Review: Lumsing 10400mAh Portable Power Bank
The concept of a portable power bank/emergency charger isn't new, of course, especially in these days of smartphones with sealed batteries, for which the only emergency option is usually to plug something in via microUSB. The Lumsing 10400mAh option is new and reviewed here - build quality is excellent and - I contend - the value for money utterly unrivalled.
The unit reviewed is this black one, on Amazon UK, currently retailing at £17.99, though there's also a white option as well. Build quality is tremendous, though the brushed aluminium effect for the fascia is actually just that, an effect, with the whole unit being plastic. It's very solid though, with no creaks or worries, and the visual contrast of the gloss body and the mock-aluminium is striking.
On the left is a standard microUSB port for charging the Lumsing unit, a process which is best done overnight, since there's 10400mAh of cells inside to charge up, which will take a while on a typical smartphone wall charger - best not to do this on a laptop USB connection, since it will take around a day!
There's no wall charger supplied with the Lumsing, which seems fair enough, given the price point, but it does mean that actual recharging times will vary hugely depending on your cable and charger.
Supplied with the power bank is a white USB to microUSB cable, which can be used for the aforementioned recharging, or to dispense charge via either of the two outputs (labelled 1A and 2.1A, the latter nominally for a tablet). Interestingly, it seems as if you can both recharge and charge at the same time, i.e. you can have the Lumsing 10400 mAh bank plugged into the wall, being topped up, while simultaneously charging two phones via two other cables. Then, when you want to head out, you grab just the Lumsing and one cable, etc.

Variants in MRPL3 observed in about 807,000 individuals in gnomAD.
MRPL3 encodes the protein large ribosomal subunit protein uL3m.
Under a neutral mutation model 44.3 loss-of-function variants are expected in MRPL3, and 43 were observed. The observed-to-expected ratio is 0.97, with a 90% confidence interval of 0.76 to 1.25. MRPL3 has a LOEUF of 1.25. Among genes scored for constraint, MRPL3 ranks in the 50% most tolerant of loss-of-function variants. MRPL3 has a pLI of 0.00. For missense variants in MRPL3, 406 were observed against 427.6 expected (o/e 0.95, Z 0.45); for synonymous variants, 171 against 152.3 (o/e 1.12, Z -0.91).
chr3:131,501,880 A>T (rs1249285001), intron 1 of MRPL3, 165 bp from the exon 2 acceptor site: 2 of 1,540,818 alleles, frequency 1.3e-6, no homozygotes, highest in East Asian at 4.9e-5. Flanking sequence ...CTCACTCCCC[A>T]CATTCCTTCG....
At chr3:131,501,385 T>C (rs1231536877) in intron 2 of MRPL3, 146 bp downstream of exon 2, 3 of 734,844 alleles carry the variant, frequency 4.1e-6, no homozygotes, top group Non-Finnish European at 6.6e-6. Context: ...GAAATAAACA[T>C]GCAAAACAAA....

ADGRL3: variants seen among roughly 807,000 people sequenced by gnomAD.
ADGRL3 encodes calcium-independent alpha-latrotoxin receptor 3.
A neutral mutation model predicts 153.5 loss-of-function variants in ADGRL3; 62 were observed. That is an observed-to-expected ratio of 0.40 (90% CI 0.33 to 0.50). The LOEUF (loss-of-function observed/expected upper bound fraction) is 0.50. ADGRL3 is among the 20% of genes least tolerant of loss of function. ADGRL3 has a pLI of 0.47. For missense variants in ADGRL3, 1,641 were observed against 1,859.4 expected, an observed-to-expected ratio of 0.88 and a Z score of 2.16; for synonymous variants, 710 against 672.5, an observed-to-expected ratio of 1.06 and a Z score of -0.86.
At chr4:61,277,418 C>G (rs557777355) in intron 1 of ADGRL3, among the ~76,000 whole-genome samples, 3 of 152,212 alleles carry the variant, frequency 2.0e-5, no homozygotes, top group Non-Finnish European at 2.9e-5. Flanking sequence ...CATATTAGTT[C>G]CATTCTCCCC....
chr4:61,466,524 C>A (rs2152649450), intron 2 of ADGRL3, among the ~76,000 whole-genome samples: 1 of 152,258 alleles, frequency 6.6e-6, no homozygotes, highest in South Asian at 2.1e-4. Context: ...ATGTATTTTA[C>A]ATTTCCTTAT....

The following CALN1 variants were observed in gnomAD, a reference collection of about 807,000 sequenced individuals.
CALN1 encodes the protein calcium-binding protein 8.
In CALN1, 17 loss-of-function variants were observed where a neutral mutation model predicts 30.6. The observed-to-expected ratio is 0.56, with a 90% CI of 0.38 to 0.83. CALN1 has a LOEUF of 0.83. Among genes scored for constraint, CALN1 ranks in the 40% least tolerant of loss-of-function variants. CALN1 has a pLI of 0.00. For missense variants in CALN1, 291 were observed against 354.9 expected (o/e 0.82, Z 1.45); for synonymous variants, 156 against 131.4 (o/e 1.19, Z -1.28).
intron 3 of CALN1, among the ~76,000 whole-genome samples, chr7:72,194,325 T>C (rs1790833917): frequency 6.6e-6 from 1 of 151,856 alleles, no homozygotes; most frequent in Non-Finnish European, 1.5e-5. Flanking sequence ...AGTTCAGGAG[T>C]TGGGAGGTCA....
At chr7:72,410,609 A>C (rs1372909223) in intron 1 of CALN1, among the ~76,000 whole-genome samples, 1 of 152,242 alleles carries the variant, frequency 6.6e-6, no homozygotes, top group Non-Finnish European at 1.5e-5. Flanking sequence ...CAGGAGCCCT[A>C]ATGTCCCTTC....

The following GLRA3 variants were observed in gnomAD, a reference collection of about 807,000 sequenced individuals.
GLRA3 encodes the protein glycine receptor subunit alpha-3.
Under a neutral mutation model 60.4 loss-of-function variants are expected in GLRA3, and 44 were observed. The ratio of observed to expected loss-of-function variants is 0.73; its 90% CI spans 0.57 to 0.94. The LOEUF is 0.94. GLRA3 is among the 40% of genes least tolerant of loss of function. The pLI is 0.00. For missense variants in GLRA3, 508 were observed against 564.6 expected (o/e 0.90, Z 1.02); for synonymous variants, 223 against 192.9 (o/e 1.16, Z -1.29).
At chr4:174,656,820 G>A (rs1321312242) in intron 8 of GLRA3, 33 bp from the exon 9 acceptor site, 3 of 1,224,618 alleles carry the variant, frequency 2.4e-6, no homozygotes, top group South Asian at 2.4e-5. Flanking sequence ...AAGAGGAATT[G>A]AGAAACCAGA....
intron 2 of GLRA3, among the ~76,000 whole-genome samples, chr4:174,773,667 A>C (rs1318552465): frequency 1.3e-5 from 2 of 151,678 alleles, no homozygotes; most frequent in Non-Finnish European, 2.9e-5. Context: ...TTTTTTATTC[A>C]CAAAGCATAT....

I only had one issue when testing - one of my Nokias (a Lumia 630) complained at one point that a non-original charger was being used and that charging might be 'slower'. I doubt that, since it was hooked into the 2.1A output at the time, but you know how manufacturers can be about insisting on original equipment... In every other case, my test devices loved the power bank.
A (now) standard set of LEDs are used to indicate approximate charge, in increments of 25%, plus these animate when recharging - the only button is used to activate the LEDs and to start charging if none is already happening.
The usual capacity/efficiency caveats apply, of course. As with any emergency charger, you won't actually get 10400mAh - you'll get around 75% of this in terms of actual transferred charge to another device - with the difference mainly being heat lost along the way, in the cable and (mainly) in the two batteries (source and destination).
Still, the capabilty to add 7500mAh to various devices means that this accessory can fully recharge (from empty) a Galaxy Note 3 and a Nokia Lumia 1520 and probably enough over to recharge a Nokia 808 fully as well. Or, in a less geeky scenario, to fully recharge your smartphone (say, a Nokia Lumia 920) around three or four times.
The unique selling point here, other than the slightly unconventional 'USB hub' look, is the value for money, being higher capacity and at lower price than anything else I've seen on the market. The worry is that corners have been cut in terms of quality, though the high standard of materials used tend to assuage that fear. Of course, it will take months of useage before any long term verdict can be arrived at, but it looks good so far.
Published by Steve Litchfield at 10:45 UTC, June 9th